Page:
About the only thing missing from the formula is an Annie Leibovitz photo spread. But then, viewers are likely to associate the ever-present subjects of Speed's paintings -- pale-skinned, wise-eyed redheads in the tradition of, say, Cate Blanchett's Elizabeth -- with the artist herself. The public will fill in the blanks if given enough start-up ammunition. But when a viewer writes, "How do you develop your imagery?" and Speed answers, in her pensive, swayback cursive, "For me, the best place for finding the pictures in my head is the bathtub. Driving around out in the big empty parts of Texas and Mexico also works...then the pictures will sneak up from behind," the gaps to fill are no longer threatening. You feel as though you've just had a pleasantly thorough phone conversation with her.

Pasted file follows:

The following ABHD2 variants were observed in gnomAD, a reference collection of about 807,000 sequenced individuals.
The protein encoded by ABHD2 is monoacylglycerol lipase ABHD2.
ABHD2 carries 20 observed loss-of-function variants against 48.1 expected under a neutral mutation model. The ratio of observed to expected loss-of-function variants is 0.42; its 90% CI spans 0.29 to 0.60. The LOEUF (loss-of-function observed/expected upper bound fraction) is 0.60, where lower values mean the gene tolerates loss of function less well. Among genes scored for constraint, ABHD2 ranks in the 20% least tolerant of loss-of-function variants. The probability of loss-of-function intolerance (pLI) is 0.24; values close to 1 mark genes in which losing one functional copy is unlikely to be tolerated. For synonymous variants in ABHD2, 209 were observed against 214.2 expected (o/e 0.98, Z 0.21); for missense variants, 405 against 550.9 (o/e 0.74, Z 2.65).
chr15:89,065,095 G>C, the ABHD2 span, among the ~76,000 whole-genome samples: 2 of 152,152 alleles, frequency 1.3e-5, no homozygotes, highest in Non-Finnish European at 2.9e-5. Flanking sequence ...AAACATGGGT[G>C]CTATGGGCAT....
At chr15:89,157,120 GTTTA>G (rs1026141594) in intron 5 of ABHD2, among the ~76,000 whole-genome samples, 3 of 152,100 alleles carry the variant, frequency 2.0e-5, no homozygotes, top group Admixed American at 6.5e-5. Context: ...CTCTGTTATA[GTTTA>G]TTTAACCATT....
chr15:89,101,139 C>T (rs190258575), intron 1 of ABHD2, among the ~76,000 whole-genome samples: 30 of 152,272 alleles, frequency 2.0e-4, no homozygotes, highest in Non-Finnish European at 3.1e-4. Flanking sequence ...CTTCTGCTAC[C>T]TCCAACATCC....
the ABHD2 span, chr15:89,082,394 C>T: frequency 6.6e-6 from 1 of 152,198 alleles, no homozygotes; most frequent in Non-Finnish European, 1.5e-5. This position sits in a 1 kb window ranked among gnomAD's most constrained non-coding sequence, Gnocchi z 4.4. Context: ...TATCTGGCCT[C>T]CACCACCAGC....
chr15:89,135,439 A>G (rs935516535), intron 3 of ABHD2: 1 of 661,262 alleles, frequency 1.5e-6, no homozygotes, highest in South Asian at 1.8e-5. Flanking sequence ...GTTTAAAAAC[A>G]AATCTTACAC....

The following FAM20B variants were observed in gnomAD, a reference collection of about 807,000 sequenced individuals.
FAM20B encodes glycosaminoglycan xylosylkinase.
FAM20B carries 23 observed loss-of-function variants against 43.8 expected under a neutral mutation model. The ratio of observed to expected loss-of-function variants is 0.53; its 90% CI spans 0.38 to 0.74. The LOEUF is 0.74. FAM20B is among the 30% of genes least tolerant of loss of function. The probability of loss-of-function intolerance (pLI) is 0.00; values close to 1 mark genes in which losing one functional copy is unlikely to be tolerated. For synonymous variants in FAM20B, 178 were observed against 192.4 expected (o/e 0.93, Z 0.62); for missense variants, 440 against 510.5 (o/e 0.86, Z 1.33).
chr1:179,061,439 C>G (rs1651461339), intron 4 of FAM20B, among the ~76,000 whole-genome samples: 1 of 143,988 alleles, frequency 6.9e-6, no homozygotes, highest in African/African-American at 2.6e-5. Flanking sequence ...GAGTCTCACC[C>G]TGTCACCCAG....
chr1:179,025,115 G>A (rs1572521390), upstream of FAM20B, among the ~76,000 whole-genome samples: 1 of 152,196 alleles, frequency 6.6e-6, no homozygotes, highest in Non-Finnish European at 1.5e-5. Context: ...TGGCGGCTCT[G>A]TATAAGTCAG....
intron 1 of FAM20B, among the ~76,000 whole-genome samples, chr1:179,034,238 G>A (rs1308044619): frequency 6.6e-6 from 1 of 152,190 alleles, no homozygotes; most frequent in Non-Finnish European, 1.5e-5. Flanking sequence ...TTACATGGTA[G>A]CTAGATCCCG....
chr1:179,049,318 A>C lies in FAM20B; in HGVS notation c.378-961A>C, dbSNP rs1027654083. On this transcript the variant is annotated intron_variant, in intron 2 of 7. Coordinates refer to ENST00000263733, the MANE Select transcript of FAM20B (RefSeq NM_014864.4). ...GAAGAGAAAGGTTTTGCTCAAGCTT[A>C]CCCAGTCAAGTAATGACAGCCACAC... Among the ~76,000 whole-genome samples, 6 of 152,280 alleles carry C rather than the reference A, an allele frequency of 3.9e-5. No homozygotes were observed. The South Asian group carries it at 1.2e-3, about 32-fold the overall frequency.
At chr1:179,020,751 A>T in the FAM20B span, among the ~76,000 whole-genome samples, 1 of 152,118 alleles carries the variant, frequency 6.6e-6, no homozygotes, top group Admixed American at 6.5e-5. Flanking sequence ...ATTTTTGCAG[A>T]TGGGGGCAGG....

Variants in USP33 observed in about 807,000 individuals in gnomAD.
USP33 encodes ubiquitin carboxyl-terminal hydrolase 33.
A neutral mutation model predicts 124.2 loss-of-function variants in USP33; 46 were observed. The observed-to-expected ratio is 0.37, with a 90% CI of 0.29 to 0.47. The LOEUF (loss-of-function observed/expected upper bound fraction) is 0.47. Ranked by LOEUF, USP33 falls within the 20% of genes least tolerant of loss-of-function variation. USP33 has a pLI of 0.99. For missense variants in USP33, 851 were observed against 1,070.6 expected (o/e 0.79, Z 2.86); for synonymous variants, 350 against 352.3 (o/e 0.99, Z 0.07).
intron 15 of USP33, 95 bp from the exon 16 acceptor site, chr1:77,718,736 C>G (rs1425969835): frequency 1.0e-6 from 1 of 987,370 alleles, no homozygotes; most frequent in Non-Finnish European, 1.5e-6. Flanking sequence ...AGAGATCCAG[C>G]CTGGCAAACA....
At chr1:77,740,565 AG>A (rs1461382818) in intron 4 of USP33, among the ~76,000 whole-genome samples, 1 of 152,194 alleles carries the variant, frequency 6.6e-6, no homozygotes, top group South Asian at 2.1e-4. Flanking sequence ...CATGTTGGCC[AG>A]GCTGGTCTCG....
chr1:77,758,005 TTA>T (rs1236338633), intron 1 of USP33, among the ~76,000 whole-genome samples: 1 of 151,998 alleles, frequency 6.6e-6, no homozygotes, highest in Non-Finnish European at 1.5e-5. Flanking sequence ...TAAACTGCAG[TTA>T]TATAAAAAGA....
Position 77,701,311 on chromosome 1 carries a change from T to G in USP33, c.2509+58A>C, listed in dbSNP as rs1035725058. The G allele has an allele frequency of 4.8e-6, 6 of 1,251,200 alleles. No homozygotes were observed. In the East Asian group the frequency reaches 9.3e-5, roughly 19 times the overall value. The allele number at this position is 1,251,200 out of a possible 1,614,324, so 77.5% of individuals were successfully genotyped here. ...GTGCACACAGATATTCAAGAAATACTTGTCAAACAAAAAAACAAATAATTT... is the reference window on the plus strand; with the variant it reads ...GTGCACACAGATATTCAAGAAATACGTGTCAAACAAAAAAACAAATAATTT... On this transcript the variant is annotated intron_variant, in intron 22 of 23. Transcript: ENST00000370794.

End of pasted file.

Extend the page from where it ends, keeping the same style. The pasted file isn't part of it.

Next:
It's hard not to walk back through the show with new eyes after such connections are made and such soundbites and tangibles are provided. And in this context, it's hard to ignore that the charismatic Speed, if not painting, is far more deserving of widespread appreciation than some of our other so-called artists and their art.